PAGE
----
Single-stream recycling seems is simple. You all of your paper, plastic or metal—into your cart or bin. The City contractor comes and takes that cart or bin away. It gets taken to the American Recycling Center where it gets separated through a series of screens, magnets and sorters. Once everything is sorted, it gets baled (like hay) and then sent on to companies who use the materials to make new things like: carpeting, insulation, tissue, greeting cards and lots of other items made from recycled materials. Click here for a great video that shows you how it's done.
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Over 75% of waste is recyclable, but we only recycle about 30% of it!
When we convert old and waste products into something new, we are saving resources and sending less trash to the landfills. When we recycle: It reduces the amount of trash sent to landfills and incinerators. We conserve our natural resources such as timber, water, and minerals. The levels of pollution are reduced because we don’t need to collect new raw materials for the things we need. It saves energy. The greenhouse gas emissions that contribute to global climate change are reduced. We are helping to protect the environment for future generations. New well-paying jobs in the recycling and manufacturing industries in the United States are created building a “green collar” industry that protects the environment and sustains workers and their families.
When the average person looks at their recycling bins, they don’t see a $117 billion dollar industry or make the connection that the simple act of sorting plastic, cardboard, paper and cans supports over 500,000 jobs in the US, which in turn sustains many other local businesses and services that communities rely on.
In a recent report published by the Institute if Scrap Recycling Industries, recycling in the City of Manassas has created 347 jobs and provides an estimated $80 million to our local economy.
The economic impact does not end there. The City pays $60 for every ton of trash that we send to landfill. In 2017, City residents generated 12,786 tons of trash. The cost of disposal was just over $767 thousand. As part of our contract with American Disposal Services, the cost of disposing our recyclable materials is $0
If you don’t believe there is a value to recycling, think again. When you don’t recycle – you pay.
You can make a difference and support your friends and neighbors just by following three simple rules for curbside recycling:
The City of Manassas is working in partnership with our contractors and other regional jurisdictions to develop policies and outreach information for residents that clearly explains recycling requirements and improves public understanding of the economic and environmental consequences of recycling contamination.
The City of Manassas is working to clean up household recycling because throwing it all away – just doesn’t make sense.
For more information call: (703) 257-8256 or visit www.manassascity.org/trash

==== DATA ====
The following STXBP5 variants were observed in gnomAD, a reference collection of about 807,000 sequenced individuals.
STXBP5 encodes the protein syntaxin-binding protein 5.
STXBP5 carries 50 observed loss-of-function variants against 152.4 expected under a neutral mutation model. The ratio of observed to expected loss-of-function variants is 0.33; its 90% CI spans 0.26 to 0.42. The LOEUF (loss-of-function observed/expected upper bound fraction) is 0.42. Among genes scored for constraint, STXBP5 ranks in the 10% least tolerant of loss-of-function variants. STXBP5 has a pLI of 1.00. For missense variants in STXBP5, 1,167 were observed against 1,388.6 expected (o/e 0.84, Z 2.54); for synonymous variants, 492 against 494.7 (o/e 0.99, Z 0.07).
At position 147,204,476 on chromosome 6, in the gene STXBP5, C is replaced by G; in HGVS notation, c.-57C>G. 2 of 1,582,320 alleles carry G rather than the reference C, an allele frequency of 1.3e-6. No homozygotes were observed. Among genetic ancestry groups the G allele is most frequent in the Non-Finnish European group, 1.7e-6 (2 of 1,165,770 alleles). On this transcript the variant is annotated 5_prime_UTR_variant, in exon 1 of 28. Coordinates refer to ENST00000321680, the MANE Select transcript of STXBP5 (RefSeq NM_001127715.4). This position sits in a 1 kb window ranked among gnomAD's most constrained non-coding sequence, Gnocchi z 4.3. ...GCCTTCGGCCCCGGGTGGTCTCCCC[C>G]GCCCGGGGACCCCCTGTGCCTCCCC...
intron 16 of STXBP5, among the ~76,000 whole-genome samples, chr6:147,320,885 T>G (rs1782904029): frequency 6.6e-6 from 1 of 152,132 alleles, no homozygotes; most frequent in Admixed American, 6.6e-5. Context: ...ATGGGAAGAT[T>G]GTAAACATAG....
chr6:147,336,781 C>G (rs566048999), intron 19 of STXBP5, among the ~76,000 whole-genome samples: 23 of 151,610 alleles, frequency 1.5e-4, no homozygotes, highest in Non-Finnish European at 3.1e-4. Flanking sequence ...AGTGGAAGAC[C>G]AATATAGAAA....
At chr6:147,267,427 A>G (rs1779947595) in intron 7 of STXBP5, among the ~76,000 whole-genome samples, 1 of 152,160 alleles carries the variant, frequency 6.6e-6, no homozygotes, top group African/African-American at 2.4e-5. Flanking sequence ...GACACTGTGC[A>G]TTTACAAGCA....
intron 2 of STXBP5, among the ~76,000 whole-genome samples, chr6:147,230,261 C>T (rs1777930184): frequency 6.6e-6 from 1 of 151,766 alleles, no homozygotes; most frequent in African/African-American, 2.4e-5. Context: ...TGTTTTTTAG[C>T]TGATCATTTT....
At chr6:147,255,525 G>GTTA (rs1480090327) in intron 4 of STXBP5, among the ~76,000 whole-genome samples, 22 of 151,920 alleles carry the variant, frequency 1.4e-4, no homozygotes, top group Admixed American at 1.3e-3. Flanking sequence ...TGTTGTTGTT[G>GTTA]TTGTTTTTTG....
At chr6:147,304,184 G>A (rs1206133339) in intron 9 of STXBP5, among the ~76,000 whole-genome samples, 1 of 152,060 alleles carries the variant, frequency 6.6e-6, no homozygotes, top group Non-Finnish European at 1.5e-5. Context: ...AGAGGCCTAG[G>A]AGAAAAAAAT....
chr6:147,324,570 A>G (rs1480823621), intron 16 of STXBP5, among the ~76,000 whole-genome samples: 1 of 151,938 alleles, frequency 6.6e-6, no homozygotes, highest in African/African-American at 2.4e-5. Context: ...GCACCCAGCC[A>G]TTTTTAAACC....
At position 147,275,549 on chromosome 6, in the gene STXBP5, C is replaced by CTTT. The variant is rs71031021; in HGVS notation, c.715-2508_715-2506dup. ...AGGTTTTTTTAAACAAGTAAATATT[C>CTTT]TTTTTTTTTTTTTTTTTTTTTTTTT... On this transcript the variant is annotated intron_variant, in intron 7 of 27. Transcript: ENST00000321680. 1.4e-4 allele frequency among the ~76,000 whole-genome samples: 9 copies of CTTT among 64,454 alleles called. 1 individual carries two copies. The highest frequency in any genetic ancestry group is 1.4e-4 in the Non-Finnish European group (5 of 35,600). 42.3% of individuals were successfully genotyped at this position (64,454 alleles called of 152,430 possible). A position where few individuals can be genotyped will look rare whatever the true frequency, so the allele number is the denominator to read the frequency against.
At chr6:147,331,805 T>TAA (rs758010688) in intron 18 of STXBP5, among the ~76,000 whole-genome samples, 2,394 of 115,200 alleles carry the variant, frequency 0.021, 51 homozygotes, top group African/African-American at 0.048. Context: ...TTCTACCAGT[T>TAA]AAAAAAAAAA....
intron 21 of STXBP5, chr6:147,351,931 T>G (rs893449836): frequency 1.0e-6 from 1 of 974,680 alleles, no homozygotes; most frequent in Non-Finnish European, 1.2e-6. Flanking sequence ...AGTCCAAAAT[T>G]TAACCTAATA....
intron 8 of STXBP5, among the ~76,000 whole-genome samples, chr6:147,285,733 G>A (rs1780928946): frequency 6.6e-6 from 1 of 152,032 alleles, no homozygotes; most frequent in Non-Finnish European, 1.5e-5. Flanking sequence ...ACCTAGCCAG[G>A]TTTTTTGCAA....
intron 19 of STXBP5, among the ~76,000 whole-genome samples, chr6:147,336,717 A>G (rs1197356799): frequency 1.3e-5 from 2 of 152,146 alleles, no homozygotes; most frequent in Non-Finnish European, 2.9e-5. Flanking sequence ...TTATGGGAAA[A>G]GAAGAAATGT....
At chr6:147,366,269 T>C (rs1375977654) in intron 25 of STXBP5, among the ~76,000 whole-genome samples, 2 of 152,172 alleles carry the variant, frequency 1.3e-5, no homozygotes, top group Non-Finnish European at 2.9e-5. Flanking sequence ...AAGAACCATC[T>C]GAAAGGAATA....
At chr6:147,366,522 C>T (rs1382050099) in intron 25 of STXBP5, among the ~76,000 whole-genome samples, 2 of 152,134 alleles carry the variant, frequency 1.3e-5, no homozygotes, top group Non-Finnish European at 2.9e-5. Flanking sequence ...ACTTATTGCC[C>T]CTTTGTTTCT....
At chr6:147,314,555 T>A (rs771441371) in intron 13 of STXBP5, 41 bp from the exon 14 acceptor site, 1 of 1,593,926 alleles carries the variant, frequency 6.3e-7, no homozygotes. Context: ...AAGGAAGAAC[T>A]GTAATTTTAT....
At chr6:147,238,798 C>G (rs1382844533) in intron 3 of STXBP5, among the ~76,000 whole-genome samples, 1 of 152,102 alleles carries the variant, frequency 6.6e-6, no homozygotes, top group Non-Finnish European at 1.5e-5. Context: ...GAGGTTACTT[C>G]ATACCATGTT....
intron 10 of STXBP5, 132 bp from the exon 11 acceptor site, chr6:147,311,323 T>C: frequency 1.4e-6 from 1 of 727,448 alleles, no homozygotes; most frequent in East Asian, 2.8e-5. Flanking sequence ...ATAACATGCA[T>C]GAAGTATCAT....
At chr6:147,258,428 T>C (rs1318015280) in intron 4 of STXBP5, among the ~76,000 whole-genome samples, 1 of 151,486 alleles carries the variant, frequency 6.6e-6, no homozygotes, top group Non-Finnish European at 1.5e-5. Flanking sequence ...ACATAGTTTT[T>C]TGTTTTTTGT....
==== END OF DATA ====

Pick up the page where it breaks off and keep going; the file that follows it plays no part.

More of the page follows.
Our City contractor, American Disposal Services, does not pick up yard waste, recycling or trash on Thanksgiving, Christmas or New Year's Day. If the holiday falls on your regular collection day, the make up day for service will be on Saturday. Please check the Trash and Recycling page for dates and details.
The City of Manassas holds 9 drop-off days for Household Hazardous Waste and Electronic Waste (eWaste) every year between the months of March and November. Click here for more details.
Yes we do! The City has recently introduced curbside television and compute monitor collection. All you have to do is call the Trashline on (703) 257-8252 to schedule a pickup.
The City also has nine scheduled drop-off days for residents to recycle their electronic equipment along with their household hazardous waste. Click here for more information.
TVs and computer equipment contain hazardous metals such as lead, mercury, nickel, and cadmium. These metals are banned from many landfill sites and require a special license for collection. We want to make sure that all TVs and other eWaste materials are disposed of properly.
Yes, we do! Just click here for more information.
Yes! The current sites for public dumpsters are:
But for many of us, the coding on plastic products can be a bit misleading. The symbols and numbers on plastics or the Resin Identification Code (RIC) is part of a system introduced by SPI: The Plastics Industry Trade Association, in 1988.
The RIC classification code was developed to meet recycling industry needs while providing manufacturers a consistent, uniform system that could help identify the resins used in the plastic manufacturing process.
Fact: the RIC code is specifically used to identify resins in manufacturing.
In 2008, the RIC classification code was adopted internationally making the identification of plastics easier for everyone to understand. This meant that the classification system needed to be reviewed and changed in order to make sure that all manufactured products were included.